To HODL or Not to HODL? Reconsidering Crypto Advertising

To HODL or Not to HODL? Reconsidering Crypto Advertising
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Product Marketing Lead Gavin Dunaway suggests that the collapse of FTX should make publishers and ad platforms alike contemplate crypto ad policies and potential for consumer harm.

I was generally surprised by the results of an informal poll of revenue operations professionals at the March 2022 AdMonsters Publisher Forum in Clearwater. The Media Trust team put together a postcard full of creatives that could be considered “dicey” (Figure 1)—a hotel ad featuring a lot of flesh, an ad for a cannabis business conference, a political ad where a former police officer held up a sniper rifle, etc. We asked the publishers at the conference which ads they would be OK with running on their properties.

The stat that really took me back was that 55% said an ad for a crypto wallet app called YouHodler was A-OK.

Poll of AdMonsters Publisher Forum attendees on acceptable ad creative.

Figure 1: 55% of publishers at the AdMonsters PubForum suggested they were fine with most crypto advertising.

I honestly thought more publishers would be wary of embracing crypto advertising, but I had to admit my personal bias. I’ve long been skeptical of cryptocurrencies, seeing them mainly as tools to propagate illicit activities and circumvent regulation.

Diving deep into the piles of creative flagged from DSPs and SSPs by our AI-powered Ad Categorization engine, I realized that cryptocurrency advertising is rampant. Scrolling through ads for dozens upon dozens of coins, exchanges, lending companies, and consultants/advisers, I couldn’t help thinking: how many of these are grifts?

But publishers answered The Media Trust’s poll in the wake of the 2022 Super Bowl, where crypto ads made a monstrous splash, deploying QR codes, Larry David, and Matt Damon’s narration to convince folks that crypto is an on-the-level, high-performing investment opportunity. The number of specific creatives for crypto (which represent billions of impressions) grew ~50% between January and May 2022. (Figure 2)

Crypto ads identified by The Media Trust 2021-22

Figure 2: Crypto advertising has been generally on the rise since Jan. 2021, but steeped off considerably after May 2022 when market instability grew.

Clearly, the high volume of ads has benefitted publisher revenue, but at what cost to consumers?

Crypto Winter

Oh what a difference half a year makes. Fourth quarter 2022 is already being labeled “Crypto Winter” following the epic crash of the FTX exchange and BlockFi, which FTX had previously bailed out.

The fall of Sam Bankman-Fried’s empire was only the latest and greatest crypto bust of 2022: TerraUSD, Celsius Network, and Voyager Digital spectacularly flamed out in the last six months. “Stablecoins” like Tether have been rocked by the chaos in the crypto market and regulators are tripping over themselves to bring scrutiny to the space.

And what about consumers themselves? We’re only beginning to see the fallout from FTX alone, with Ontario teacher pensions looted to the tune of $95 million and potentially more than a million creditors in the bankruptcy case.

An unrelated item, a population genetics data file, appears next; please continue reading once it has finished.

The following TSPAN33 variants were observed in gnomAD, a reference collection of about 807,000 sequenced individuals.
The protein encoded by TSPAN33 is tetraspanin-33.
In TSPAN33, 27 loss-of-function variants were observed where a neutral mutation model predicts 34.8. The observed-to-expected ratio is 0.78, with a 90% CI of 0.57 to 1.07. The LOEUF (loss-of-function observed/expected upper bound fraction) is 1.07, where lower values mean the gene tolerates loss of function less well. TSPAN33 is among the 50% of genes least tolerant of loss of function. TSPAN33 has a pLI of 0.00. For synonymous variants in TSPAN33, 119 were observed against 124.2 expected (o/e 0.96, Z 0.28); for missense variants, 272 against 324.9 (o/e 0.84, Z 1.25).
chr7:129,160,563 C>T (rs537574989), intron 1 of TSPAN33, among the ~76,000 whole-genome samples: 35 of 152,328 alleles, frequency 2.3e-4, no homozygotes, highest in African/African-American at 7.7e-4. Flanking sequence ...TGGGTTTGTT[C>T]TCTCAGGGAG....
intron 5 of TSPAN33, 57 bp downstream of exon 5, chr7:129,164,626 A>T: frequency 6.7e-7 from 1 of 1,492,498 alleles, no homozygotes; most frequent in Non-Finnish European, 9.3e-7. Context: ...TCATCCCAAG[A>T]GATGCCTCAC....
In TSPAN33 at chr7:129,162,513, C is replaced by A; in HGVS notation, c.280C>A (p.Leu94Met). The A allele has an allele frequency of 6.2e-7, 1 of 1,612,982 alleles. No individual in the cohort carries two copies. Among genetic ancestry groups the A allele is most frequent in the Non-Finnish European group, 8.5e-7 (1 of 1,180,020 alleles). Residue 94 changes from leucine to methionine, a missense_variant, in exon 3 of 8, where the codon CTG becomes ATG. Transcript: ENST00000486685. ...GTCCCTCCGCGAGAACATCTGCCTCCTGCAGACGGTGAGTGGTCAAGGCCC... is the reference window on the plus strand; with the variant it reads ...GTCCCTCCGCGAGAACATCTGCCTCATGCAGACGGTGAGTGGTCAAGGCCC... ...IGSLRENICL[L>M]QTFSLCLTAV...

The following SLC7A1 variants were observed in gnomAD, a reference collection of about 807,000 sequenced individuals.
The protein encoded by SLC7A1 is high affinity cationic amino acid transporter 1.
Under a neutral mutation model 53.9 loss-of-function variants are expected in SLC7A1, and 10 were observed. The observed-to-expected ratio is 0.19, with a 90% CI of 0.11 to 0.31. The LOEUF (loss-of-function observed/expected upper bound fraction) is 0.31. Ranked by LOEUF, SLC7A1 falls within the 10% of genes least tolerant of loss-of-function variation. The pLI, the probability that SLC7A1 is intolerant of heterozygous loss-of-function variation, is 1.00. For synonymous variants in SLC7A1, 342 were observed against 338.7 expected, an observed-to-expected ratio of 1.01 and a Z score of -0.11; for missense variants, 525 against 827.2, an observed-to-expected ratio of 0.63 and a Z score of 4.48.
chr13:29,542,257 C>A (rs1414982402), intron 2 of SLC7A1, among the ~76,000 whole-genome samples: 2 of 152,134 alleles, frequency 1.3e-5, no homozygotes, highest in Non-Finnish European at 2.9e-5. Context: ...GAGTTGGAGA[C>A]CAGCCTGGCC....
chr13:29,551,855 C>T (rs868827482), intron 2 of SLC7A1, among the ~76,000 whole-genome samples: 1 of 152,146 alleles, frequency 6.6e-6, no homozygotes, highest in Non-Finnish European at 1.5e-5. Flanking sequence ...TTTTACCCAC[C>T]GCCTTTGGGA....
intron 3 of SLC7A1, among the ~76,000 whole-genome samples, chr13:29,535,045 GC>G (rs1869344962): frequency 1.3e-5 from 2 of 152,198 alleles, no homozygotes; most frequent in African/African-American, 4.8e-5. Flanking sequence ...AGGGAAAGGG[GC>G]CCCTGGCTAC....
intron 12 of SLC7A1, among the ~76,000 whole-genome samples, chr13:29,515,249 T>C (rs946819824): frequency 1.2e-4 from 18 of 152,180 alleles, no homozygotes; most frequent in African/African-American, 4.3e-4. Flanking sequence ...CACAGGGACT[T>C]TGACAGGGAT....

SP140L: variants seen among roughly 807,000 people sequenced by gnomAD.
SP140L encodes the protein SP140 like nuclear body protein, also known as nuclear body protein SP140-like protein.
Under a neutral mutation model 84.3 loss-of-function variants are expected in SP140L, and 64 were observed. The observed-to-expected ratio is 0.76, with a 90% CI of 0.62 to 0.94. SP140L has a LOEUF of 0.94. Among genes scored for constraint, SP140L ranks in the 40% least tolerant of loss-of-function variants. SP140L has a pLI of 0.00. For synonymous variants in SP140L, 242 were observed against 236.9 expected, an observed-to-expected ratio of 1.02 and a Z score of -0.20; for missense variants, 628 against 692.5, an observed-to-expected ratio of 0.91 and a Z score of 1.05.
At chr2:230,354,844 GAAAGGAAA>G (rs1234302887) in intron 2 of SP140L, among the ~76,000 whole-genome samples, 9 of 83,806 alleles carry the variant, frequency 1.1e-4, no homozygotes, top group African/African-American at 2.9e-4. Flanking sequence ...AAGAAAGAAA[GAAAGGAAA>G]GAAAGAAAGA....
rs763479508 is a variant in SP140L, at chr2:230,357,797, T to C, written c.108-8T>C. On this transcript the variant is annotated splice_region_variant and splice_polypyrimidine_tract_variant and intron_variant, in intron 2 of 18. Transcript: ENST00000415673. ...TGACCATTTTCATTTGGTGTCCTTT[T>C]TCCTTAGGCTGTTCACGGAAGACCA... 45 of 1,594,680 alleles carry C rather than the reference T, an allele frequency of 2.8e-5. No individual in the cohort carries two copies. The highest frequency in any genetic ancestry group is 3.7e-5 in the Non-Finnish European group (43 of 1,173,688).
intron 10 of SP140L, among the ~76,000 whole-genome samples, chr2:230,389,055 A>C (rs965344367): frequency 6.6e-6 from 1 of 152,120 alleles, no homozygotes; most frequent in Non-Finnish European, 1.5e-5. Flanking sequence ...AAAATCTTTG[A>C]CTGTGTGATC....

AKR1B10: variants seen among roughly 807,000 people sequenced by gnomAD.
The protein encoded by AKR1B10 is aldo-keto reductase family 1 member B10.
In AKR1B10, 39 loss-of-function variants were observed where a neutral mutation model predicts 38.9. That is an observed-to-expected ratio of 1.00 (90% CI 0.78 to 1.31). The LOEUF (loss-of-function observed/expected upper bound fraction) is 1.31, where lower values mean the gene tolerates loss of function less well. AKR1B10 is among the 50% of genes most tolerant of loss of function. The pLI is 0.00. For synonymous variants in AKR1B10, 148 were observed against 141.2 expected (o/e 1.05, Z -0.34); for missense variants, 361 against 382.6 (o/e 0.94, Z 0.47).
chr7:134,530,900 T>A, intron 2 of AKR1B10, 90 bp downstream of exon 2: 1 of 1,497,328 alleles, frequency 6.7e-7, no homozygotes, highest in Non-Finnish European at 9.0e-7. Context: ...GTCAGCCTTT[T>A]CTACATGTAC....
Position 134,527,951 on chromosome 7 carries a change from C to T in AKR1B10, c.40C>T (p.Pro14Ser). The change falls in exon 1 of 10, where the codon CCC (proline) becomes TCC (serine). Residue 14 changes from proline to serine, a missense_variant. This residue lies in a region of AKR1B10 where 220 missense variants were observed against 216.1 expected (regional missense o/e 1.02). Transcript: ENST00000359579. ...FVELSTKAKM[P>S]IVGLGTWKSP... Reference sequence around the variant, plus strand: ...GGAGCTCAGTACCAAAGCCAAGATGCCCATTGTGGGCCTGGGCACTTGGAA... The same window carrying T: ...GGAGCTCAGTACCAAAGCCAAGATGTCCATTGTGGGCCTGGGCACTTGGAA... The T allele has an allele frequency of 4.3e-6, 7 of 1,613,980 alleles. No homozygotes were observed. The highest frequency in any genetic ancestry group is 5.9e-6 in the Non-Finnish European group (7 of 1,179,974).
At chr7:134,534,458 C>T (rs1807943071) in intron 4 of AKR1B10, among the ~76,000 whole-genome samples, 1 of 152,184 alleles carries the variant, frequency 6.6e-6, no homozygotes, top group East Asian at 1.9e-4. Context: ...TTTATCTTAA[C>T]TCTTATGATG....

The last several months have shown crypto is a rickety roller coaster operated in the wildest part of the Wild, Wild West. Named threat FizzCore has long hijacked celebrity images to lure unwitting consumers into crypto scams; it’s questionable whether crypto ads with real celebrity endorsements are much different.

No surprise, the amount of crypto creative in digital advertising has fallen since the May peak—a 62% decline through November (Figure 2).

A Hard No or a Nuanced Policy?

As 2023 edges closer, publishers and ad platforms alike should rethink their policies regarding crypto advertising. Building digital trust and safety with audiences means serving advertising from companies that you can comfortably consider credible—not timebombs waiting to destroy their life’s savings.

Is a heavy-handed block of all crypto ads the solution? For some publishers and platforms, yes, but not those willing to work a bit to weed out the bad actors. Even in the pool of questionable exchanges and services, plenty of well-regarded financial institutions advertise webinars, whitepapers, and other guidance on entering this chaotic market.

Digital advertising practitioners need to show a lot more nuance in what kind of crypto ads are acceptable. Premium platforms exercise this kind of caution, developing detailed policies that prohibit offering free cryptocurrency, gambling with cryptocurrency, etc. (Figure 3)

Cryptocurrency ads with questionable content.

Figure 3: DSPs and SSPs are increasingly prohibiting ads where cryptocurrencies are offered for free, used for gambling, and even are a source of payment for labor.

Publishers can still drive crypto ad revenue and keep clear of shady players by developing similarly nuanced policies. You can execute these through click-to-block galleries of ad creatives, filtered by sensitive subject matter like crypto.

Crypto is different from other ultra-risky financial tools advertised in the past. It’s a barely regulated market with a lot of shadowy characters and mechanisms involved (we didn’t even discuss cryptojacking via malvertising!). The 2022 Super Bowl ads offered publishers and ad platforms alike false confidence in the stability of the crypto market. Now’s the time to rethink what you want your brand associated with, and what kind of advertising you want to serve your precious audiences.